The NBN is all about replacing the aging copper network with a newer, more modern and easier and cheaper to maintain (going forward even though it's a lot of money and work to install) network that will service the country for a long time.
The problem with the politicians are they are generally useless, I can't even think of one who is really worth the money and I would be happy if they all just vanished. They are just attention whores and don't think they are doing their job if they agree with each other, let alone look at the big picture over a greater time period than the next election. Corporate executives are just as bad only they resort to back room dirty deals so they "Maximize Shareholder Value" making the rich people richer and themselves BILLIONS in bonuses.
The NBN's FTTP plan is what is needed to maximize the value to the community as a whole, fuck what Canberra and Telstra want, they don't own Australia, Australians do.
I have never bought into the whole cloud computing idea. It is just a whole load of fail waiting to happen, from cloud providers going bust to the NSA cherry-picking your data to being held hostage to vendor lock-in. Now by having chunks of your games being served up from some data center in the USA your going to get slapped with latency issues (sure, 20ms in America might be fine for yank gamers but 200ms for aussie or brit gamers is just the suck) And then how long will your game last? Publishers in the game space go bust all the time and with no one to pay the cloud bill gamers will be left to pick up the tab paying to play games they already own, then eventually they will all stop working a generation or two of console later when its no longer commercially viable to provide the cloudy side of the game any longer.
While Microsoft seems to be taking a real hammering on the client side of the ecosystem, I think the server side is actually pretty solid. While the stupid Metro start menu made it's way into the Server 2012 UI, the server manager is really nice. IIS is solid and the .NET 4.5 framework is awesome with the enhancements made for parallelism and other such things.
Using SQL Server, IIS and .NET you can build a solid foundation as a back-end for just about any front end you like from .NET WinForms/WPF to HTML5 to iOS and Android apps.
The really odd thing I found is I recently bought some domain names from company 'X'. Before I bought them I was getting served up random un-targeted shit ads, Now I am getting spammed left and right on every site I visit wooing me to buy domain names from company 'X'. It's a bit late guys. I don't need any more domain names!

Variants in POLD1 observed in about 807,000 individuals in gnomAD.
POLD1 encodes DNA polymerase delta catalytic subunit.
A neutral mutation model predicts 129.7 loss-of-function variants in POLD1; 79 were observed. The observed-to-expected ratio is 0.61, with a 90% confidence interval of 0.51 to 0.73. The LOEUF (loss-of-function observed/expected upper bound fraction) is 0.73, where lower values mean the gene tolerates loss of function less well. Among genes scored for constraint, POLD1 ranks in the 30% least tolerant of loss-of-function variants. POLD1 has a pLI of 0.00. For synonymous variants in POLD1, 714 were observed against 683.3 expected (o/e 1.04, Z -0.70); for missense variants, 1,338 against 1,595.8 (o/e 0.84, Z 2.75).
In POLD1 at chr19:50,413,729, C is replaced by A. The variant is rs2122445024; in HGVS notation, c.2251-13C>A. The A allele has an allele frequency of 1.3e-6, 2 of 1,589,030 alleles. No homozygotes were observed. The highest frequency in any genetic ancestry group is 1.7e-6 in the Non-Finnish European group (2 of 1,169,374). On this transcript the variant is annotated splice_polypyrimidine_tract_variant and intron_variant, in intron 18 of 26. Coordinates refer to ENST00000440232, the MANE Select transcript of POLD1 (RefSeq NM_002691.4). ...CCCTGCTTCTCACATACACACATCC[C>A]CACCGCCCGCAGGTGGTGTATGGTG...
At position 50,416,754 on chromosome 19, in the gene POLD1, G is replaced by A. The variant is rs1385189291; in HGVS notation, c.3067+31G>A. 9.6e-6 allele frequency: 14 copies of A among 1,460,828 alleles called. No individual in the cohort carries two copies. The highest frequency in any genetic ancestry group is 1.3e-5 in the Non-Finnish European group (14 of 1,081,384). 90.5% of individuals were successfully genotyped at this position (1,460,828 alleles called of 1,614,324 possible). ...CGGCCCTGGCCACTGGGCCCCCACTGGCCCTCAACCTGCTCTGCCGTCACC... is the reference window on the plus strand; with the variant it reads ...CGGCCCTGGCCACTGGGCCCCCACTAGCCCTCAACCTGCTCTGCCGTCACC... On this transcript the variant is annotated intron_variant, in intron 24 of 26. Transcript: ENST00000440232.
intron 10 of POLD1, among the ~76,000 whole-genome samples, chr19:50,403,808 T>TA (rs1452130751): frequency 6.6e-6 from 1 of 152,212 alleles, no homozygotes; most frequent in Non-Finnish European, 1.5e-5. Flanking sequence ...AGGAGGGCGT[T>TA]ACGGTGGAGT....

Just going out on a limb here guys....
What if the "Light" in Light Sabre really meant it's a Weight-Reduced version of a previous "Sabre" hand held weapon iteration?
Don't mind that, it was merely a North Korean spy who was caught trying to steal details of LOHAN and the rocket engine powering it. They are pretty desperate to steal the plans of a rocket that actually works.
"Actually we'd probably be OK sending a team of a few dozen females and a few thousand fertilized eggs"
I can't imagine ANY woman would volunteer for that!
"'ere luv, would you mind a one way trip to another planet where you'll be required to be constantly pregnant with 20 or so children back to back, then you got all the trouble of raising the little nippers"
This might be effective for about 30 seconds. Media releases like this just let the malware writers know what happened when a big chunk of their botnet goes quiet.
In this case they will just modify their code to query a different DNS server and bam, back on line.
Simple fix, Slit the plastic cover on the USB cable, expose the 4 wires inside.
Cut the two wires that arent Red and Black.
Put tape over the slit
Easy! Does the business use Intel Inside? No? Then its not safe.
Any half brain-dead idiot would know ANY Snowden data is political plutonium and having it on your person will cause some serious damage from governments trying to recover it.
I personally would have rolled the data into a VDH or something encrypted with a drive encryption package, packed into a passworded encrypted rar file that has been encrypted with PGP, uploaded to a private sftp server via the TOR network.
My personal media would have then been either physically destroyed or scrubbed with a military grade drive cleaning tool, twice then reinstalled and filled with porn and torrent downloads.
Letters do take differing amounts of time to render in that the source of the pixel data is vector based and the time taken to process the math to rasterise the letter is unique.
Yes, it's usually calculated by over-stressing the sample parts beyond recommended spec and then using some *creative* math to extrapolate the failure time based on the accelerated failure of the over-stressed component.